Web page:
Why Trump’s Recognition of the Golan Heights as Israeli Territory matters

Responding to pressure from the Israeli Government, President Donald Trump has signaled via Twitter that his administration is poised to recognise Israeli sovereignty over the Golan Heights.

This change of posture over a highly disputed and strategically valuable territory between Israel and Syria is being met with delightdisapproval and indifference by various sides in the broader Arab-Israeli conflict, echoing reactions to an earlier US move – to treat Jerusalem as Israel’s capital.

As a scholar who teaches and writes about the Middle East and is currently writing a book about the Arab-Israeli conflict, I can put the Trump administration’s controversial decision in historical and legal context.

The Arab-Israeli conflict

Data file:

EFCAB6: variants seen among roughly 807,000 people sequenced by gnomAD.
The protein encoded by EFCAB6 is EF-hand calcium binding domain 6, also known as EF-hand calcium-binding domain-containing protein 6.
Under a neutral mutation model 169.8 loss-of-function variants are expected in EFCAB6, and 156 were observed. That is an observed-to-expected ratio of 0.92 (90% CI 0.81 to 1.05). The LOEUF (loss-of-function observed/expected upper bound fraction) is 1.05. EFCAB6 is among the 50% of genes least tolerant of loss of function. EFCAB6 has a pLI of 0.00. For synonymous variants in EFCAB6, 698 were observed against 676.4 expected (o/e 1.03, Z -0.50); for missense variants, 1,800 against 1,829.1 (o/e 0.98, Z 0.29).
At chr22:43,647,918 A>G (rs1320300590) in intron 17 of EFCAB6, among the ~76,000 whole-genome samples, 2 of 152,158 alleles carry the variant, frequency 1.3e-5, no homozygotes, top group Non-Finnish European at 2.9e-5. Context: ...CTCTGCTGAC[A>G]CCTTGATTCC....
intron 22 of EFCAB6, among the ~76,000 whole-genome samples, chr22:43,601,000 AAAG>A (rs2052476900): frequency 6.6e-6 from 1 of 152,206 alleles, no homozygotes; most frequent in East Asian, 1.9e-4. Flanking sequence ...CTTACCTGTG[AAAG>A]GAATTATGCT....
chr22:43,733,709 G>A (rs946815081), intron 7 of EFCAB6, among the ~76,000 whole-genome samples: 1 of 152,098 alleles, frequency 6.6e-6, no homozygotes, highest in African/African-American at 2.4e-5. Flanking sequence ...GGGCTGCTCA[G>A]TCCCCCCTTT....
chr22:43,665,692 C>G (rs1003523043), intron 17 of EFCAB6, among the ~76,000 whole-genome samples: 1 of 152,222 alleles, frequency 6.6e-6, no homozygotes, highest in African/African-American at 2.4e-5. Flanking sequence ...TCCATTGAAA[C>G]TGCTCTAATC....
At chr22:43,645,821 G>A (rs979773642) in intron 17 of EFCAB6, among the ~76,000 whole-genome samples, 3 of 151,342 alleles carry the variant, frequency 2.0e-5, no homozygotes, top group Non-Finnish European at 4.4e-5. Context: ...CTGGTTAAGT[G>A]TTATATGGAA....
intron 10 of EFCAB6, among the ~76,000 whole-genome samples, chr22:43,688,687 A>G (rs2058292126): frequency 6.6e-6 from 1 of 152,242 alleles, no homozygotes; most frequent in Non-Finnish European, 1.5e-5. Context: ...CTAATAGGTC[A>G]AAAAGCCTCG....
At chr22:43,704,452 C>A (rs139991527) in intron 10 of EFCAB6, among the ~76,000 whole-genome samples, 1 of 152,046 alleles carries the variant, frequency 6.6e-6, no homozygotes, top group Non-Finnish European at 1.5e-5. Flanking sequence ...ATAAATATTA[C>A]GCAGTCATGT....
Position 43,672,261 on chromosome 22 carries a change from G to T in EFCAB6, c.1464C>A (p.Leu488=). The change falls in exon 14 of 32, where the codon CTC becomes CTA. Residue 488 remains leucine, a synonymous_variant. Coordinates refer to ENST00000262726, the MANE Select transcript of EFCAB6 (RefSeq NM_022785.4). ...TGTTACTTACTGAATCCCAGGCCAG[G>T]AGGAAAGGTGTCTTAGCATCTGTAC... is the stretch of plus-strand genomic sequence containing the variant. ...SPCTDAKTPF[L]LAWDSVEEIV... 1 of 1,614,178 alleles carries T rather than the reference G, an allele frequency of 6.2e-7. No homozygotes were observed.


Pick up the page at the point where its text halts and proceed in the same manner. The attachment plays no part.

Israel seized five territories from three countries during the 1967 War: the Gaza Strip and Sinai Peninsula from Egypt, East Jerusalem and the West Bank from Jordan, and the Golan Heights from Syria. The UN Security Council responded by passing the so-called “land for peace” resolution, or Resolution 242, which envisioned Israel exchanging the occupied territories for peace and recognition from surrounding Arab states. All members of the UN Security Council approved the resolution, including the United States.

Prior to the 1967 War, about 150,000 Syrians lived in the Golan Heights, but many were displaced by the conflict. Today, the territory is home to about 25,000 Druze Arabs who overwhelmingly see themselves as Syrian citizens and roughly 20,000 Jewish settlers who identify as Israelis. The status of the territory’s residents, all of whom have been eligible for citizenship since 1981, is not subject to change at this point.

At the end of the war, the two sides of the conflict disagreed on who should act first. The Arab states refused to negotiate until Israel withdrew from the occupied territories, while Israel refused to withdraw until the Arab states negotiated a peace deal. As a result, Israel continued to occupy the five territories and constructed settlements on them shortly after the war concluded.

Read the essay by Dina Badie on Sight Magazine.